Are MENA and Pacific Basin Stock Equity Markets Predictable?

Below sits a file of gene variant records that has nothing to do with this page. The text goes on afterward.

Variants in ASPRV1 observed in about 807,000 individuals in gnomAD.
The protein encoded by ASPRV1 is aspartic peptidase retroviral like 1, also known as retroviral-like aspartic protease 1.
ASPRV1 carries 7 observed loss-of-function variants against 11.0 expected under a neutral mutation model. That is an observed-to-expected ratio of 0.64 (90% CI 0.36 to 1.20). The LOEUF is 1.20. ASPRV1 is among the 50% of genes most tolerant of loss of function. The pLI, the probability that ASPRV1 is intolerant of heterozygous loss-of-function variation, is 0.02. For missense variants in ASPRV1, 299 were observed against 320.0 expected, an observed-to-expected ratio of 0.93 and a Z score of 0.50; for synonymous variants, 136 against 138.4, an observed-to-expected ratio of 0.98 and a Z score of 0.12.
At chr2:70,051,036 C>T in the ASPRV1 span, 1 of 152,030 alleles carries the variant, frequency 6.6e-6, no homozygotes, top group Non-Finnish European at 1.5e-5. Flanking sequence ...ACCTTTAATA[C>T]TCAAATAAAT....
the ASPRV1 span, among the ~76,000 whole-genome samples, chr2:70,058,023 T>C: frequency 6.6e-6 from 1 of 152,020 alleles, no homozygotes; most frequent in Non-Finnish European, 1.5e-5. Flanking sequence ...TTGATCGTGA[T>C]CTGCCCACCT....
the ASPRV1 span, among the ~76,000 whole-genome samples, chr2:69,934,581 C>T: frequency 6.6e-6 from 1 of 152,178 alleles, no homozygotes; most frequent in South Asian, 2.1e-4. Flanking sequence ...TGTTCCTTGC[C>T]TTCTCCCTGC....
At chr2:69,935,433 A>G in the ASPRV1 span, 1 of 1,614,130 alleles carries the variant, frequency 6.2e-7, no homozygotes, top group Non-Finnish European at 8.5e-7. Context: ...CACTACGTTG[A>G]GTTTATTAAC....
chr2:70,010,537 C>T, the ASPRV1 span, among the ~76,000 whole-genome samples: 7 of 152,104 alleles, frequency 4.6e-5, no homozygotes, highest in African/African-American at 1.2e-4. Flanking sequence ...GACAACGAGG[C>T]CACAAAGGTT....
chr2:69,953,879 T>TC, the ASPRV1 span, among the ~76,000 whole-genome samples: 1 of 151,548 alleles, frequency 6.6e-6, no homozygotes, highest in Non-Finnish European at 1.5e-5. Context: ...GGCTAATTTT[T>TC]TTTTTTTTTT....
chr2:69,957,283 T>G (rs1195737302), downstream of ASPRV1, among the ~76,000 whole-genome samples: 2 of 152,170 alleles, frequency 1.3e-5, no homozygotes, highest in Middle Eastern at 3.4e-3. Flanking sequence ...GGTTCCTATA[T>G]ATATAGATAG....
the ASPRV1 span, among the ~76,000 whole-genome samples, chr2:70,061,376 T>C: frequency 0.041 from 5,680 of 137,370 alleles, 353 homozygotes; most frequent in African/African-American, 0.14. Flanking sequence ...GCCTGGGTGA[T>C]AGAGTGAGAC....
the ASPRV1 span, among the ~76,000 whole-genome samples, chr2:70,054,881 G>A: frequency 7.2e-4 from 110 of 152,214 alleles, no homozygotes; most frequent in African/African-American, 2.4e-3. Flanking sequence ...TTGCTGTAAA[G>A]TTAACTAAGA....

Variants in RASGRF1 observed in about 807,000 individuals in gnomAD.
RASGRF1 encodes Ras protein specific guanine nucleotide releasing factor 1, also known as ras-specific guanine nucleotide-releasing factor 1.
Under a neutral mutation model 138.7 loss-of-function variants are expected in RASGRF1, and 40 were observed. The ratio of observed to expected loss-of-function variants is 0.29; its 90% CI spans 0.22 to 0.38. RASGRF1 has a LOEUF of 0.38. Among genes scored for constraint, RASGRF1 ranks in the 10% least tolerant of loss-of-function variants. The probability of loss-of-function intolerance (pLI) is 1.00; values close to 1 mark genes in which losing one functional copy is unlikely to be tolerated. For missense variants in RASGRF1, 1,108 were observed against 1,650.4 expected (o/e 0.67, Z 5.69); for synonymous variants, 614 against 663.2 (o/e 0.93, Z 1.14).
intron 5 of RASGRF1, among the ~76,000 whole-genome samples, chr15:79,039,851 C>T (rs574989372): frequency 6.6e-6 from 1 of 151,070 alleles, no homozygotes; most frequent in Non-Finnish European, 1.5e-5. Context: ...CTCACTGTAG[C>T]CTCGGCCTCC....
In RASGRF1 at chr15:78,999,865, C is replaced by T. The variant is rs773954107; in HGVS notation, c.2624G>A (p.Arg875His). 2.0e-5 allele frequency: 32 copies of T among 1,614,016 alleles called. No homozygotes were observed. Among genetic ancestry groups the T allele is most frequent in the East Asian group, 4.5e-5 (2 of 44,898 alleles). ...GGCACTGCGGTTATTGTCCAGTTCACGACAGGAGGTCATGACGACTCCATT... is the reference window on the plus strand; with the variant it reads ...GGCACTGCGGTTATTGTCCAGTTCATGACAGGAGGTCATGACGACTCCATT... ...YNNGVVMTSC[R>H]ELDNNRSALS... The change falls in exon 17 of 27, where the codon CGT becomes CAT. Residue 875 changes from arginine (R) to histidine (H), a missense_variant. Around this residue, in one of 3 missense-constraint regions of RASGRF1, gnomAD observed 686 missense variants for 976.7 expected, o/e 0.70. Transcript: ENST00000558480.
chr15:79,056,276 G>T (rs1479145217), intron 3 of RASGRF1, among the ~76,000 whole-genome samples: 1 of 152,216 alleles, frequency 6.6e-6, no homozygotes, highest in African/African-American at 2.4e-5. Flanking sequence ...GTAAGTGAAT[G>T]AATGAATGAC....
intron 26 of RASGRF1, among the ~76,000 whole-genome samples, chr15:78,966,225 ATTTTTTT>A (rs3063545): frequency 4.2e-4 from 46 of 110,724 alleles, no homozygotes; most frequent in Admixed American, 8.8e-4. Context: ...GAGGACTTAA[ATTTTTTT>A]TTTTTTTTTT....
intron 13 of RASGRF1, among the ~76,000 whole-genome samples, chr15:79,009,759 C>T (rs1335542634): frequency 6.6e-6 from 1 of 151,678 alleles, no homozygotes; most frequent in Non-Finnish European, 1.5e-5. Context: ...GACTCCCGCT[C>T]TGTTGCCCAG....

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This research uses variance ratio analysis to test whether Middle Eastern, North African (MENA) and Pacific Basin emerging equity markets follow a martingale behavior during the period1980-2004. The conventional Lo and MacKinlay variance ratio test, the multiple variance ratio test of Chow and Denning, rank- and sign-based test of Wright, and wild bootstrap of Kim are used for the monthly return series. The problem of thin trading was addressed using Miller, Muthuswamy, and Whaley’s adjusting procedure. Results have shown traces of a martingale behavior at high holding horizons. However, overall conclusions indicate that the null martingale hypothesis is strongly rejected for the whole sample and considered sub-periods at a 5% significance level. The pattern of the variance ratio estimates signify that the selected stock markets exhibit persistent mean-reverting and predictable behavior in their monthly adjusted returns series. The results expose the ineffectiveness of economic liberalization and privatization measures implemented in the early 1990s to improve their market efficiency. The Asian crisis did not affect the outcomes of the variance ratio analysis. Moreover, it sounds as if the perceptible development in terms of size and liquidity was not sufficient to exhibit a martingale behavior in these markets.
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